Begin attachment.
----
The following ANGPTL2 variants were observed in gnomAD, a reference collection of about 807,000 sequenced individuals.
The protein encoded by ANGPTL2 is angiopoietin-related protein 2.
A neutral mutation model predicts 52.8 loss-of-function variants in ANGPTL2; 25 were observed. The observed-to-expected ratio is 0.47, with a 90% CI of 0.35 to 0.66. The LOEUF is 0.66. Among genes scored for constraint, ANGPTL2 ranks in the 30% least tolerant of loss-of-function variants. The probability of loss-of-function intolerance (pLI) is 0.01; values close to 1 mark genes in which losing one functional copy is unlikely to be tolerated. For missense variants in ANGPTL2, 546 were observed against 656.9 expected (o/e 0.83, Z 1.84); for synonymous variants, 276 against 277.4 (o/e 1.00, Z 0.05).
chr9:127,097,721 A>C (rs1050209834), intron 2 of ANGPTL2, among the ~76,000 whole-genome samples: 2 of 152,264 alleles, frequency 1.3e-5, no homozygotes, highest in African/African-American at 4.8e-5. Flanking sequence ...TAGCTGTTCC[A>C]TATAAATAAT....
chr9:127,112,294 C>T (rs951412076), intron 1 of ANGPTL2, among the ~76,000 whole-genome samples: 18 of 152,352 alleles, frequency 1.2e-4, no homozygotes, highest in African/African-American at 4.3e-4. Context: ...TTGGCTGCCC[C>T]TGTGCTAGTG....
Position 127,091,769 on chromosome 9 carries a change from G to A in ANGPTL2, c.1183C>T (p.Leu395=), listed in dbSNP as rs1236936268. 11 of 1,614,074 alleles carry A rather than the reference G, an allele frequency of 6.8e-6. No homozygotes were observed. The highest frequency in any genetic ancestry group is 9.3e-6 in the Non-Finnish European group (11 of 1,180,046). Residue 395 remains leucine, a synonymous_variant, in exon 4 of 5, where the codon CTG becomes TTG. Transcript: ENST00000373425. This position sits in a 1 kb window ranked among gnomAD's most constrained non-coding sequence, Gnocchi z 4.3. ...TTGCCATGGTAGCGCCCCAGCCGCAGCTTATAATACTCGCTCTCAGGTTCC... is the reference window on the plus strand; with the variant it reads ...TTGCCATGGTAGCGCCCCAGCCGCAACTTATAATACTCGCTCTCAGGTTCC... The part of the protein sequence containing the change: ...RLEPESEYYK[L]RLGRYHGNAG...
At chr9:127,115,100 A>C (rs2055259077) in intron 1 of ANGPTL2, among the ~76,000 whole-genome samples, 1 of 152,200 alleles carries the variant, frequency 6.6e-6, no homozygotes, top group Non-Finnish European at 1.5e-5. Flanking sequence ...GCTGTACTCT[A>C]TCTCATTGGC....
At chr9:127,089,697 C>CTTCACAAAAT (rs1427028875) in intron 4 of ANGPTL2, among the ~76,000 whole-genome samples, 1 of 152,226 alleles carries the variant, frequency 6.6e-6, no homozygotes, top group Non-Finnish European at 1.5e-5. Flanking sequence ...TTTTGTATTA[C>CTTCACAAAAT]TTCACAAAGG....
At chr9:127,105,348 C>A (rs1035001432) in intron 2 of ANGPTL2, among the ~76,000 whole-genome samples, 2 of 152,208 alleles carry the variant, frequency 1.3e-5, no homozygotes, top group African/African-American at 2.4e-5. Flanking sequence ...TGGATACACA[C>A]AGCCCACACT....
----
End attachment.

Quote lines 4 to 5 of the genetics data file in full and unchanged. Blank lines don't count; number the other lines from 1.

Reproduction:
chr9:127,097,721 A>C (rs1050209834), intron 2 of ANGPTL2, among the ~76,000 whole-genome samples: 2 of 152,264 alleles, frequency 1.3e-5, no homozygotes, highest in African/African-American at 4.8e-5. Flanking sequence ...TAGCTGTTCC[A>C]TATAAATAAT....
chr9:127,112,294 C>T (rs951412076), intron 1 of ANGPTL2, among the ~76,000 whole-genome samples: 18 of 152,352 alleles, frequency 1.2e-4, no homozygotes, highest in African/African-American at 4.3e-4. Context: ...TTGGCTGCCC[C>T]TGTGCTAGTG....